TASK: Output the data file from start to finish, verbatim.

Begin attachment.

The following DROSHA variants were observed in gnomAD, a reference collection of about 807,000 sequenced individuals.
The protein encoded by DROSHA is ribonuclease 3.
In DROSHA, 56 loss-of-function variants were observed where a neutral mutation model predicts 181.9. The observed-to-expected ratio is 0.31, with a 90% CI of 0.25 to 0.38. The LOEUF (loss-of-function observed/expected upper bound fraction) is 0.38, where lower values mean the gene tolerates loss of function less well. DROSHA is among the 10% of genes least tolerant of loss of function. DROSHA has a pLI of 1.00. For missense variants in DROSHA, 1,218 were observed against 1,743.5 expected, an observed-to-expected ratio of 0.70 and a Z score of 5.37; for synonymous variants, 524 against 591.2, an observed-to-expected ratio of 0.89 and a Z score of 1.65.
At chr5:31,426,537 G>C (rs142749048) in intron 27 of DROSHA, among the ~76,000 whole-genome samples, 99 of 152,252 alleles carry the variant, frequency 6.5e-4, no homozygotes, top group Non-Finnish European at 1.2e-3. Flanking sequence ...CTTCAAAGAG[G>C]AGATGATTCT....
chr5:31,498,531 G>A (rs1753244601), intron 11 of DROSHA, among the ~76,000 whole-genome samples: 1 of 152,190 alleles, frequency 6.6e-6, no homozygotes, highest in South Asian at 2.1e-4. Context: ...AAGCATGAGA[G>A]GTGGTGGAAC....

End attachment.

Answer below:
The following DROSHA variants were observed in gnomAD, a reference collection of about 807,000 sequenced individuals.
The protein encoded by DROSHA is ribonuclease 3.
In DROSHA, 56 loss-of-function variants were observed where a neutral mutation model predicts 181.9. The observed-to-expected ratio is 0.31, with a 90% CI of 0.25 to 0.38. The LOEUF (loss-of-function observed/expected upper bound fraction) is 0.38, where lower values mean the gene tolerates loss of function less well. DROSHA is among the 10% of genes least tolerant of loss of function. DROSHA has a pLI of 1.00. For missense variants in DROSHA, 1,218 were observed against 1,743.5 expected, an observed-to-expected ratio of 0.70 and a Z score of 5.37; for synonymous variants, 524 against 591.2, an observed-to-expected ratio of 0.89 and a Z score of 1.65.
At chr5:31,426,537 G>C (rs142749048) in intron 27 of DROSHA, among the ~76,000 whole-genome samples, 99 of 152,252 alleles carry the variant, frequency 6.5e-4, no homozygotes, top group Non-Finnish European at 1.2e-3. Flanking sequence ...CTTCAAAGAG[G>C]AGATGATTCT....
chr5:31,498,531 G>A (rs1753244601), intron 11 of DROSHA, among the ~76,000 whole-genome samples: 1 of 152,190 alleles, frequency 6.6e-6, no homozygotes, highest in South Asian at 2.1e-4. Context: ...AAGCATGAGA[G>A]GTGGTGGAAC....